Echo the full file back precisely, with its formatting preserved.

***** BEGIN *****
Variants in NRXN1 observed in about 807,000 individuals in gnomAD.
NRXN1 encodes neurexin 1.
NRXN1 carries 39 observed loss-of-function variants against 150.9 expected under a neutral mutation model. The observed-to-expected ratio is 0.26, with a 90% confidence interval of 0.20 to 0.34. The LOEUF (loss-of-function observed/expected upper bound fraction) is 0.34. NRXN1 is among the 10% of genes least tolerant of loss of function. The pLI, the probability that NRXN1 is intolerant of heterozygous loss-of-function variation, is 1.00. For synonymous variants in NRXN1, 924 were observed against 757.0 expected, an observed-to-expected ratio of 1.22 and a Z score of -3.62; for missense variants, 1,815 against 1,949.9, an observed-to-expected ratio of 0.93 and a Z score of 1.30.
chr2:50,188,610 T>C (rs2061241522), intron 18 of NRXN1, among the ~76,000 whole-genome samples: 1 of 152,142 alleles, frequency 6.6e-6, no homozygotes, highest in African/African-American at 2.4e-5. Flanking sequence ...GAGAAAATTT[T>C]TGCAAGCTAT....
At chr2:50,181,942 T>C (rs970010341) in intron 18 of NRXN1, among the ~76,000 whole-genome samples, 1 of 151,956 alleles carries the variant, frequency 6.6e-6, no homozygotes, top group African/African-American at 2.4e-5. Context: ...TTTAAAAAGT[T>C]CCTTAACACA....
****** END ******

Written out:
Variants in NRXN1 observed in about 807,000 individuals in gnomAD.
NRXN1 encodes neurexin 1.
NRXN1 carries 39 observed loss-of-function variants against 150.9 expected under a neutral mutation model. The observed-to-expected ratio is 0.26, with a 90% confidence interval of 0.20 to 0.34. The LOEUF (loss-of-function observed/expected upper bound fraction) is 0.34. NRXN1 is among the 10% of genes least tolerant of loss of function. The pLI, the probability that NRXN1 is intolerant of heterozygous loss-of-function variation, is 1.00. For synonymous variants in NRXN1, 924 were observed against 757.0 expected, an observed-to-expected ratio of 1.22 and a Z score of -3.62; for missense variants, 1,815 against 1,949.9, an observed-to-expected ratio of 0.93 and a Z score of 1.30.
chr2:50,188,610 T>C (rs2061241522), intron 18 of NRXN1, among the ~76,000 whole-genome samples: 1 of 152,142 alleles, frequency 6.6e-6, no homozygotes, highest in African/African-American at 2.4e-5. Flanking sequence ...GAGAAAATTT[T>C]TGCAAGCTAT....
At chr2:50,181,942 T>C (rs970010341) in intron 18 of NRXN1, among the ~76,000 whole-genome samples, 1 of 151,956 alleles carries the variant, frequency 6.6e-6, no homozygotes, top group African/African-American at 2.4e-5. Context: ...TTTAAAAAGT[T>C]CCTTAACACA....